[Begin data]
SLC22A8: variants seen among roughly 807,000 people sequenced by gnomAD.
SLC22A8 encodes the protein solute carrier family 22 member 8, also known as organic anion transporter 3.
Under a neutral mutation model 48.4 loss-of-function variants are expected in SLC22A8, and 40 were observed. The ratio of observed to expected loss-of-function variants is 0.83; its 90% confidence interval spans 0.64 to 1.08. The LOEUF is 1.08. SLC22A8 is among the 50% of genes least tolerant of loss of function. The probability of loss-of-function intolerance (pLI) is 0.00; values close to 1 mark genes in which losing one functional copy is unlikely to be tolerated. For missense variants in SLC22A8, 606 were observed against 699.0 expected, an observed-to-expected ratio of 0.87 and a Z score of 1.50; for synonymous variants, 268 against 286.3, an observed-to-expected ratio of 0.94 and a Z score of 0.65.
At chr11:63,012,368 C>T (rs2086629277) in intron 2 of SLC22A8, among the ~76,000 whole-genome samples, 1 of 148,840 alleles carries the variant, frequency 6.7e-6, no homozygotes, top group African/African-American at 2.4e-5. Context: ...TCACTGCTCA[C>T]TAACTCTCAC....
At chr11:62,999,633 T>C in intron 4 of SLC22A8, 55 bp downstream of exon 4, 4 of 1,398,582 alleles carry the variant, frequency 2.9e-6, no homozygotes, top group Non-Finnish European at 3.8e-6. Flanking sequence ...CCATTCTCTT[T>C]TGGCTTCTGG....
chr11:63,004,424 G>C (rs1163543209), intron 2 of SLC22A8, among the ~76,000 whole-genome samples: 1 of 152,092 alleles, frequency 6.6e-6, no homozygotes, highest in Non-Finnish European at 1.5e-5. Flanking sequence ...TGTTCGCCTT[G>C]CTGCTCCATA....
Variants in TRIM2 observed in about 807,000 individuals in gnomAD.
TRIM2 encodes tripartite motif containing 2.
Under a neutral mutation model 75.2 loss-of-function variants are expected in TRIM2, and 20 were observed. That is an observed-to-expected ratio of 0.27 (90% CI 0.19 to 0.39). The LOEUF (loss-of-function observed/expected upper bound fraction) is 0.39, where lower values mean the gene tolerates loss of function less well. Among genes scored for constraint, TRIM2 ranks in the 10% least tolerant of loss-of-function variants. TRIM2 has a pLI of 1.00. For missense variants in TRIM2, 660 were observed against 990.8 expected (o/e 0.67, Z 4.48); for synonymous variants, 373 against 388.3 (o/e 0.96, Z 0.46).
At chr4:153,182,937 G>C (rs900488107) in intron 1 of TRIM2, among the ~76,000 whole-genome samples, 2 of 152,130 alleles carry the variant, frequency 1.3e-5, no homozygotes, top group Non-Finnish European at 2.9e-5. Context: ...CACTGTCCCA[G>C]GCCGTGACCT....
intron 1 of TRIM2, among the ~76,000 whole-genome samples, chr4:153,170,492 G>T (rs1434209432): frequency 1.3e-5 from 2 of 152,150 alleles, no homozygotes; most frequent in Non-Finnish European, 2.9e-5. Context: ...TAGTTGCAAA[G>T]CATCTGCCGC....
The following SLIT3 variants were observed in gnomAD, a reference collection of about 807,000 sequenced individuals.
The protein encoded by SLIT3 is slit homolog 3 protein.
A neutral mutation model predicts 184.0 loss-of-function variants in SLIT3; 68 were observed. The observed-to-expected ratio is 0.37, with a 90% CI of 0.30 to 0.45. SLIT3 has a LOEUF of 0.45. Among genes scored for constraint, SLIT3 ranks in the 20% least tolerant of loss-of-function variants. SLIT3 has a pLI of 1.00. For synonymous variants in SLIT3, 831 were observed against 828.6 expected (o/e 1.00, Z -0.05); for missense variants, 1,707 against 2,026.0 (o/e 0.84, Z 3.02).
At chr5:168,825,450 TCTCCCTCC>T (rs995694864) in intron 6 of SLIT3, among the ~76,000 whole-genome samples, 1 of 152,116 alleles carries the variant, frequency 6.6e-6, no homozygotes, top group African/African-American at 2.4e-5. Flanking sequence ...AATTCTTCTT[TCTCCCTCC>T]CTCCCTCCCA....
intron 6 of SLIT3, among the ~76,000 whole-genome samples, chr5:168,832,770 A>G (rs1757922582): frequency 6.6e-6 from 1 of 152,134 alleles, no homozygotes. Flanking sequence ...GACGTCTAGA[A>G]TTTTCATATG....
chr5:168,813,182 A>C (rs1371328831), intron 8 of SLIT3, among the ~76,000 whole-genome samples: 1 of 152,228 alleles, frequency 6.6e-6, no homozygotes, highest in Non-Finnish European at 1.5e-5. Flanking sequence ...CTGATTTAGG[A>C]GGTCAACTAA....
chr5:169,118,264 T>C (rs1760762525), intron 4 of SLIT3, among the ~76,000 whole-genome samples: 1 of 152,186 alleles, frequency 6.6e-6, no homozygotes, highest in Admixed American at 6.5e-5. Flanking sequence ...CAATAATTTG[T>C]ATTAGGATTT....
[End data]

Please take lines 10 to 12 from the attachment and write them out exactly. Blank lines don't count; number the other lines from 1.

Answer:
At chr4:153,182,937 G>C (rs900488107) in intron 1 of TRIM2, among the ~76,000 whole-genome samples, 2 of 152,130 alleles carry the variant, frequency 1.3e-5, no homozygotes, top group Non-Finnish European at 2.9e-5. Context: ...CACTGTCCCA[G>C]GCCGTGACCT....
intron 1 of TRIM2, among the ~76,000 whole-genome samples, chr4:153,170,492 G>T (rs1434209432): frequency 1.3e-5 from 2 of 152,150 alleles, no homozygotes; most frequent in Non-Finnish European, 2.9e-5. Context: ...TAGTTGCAAA[G>T]CATCTGCCGC....
The following SLIT3 variants were observed in gnomAD, a reference collection of about 807,000 sequenced individuals.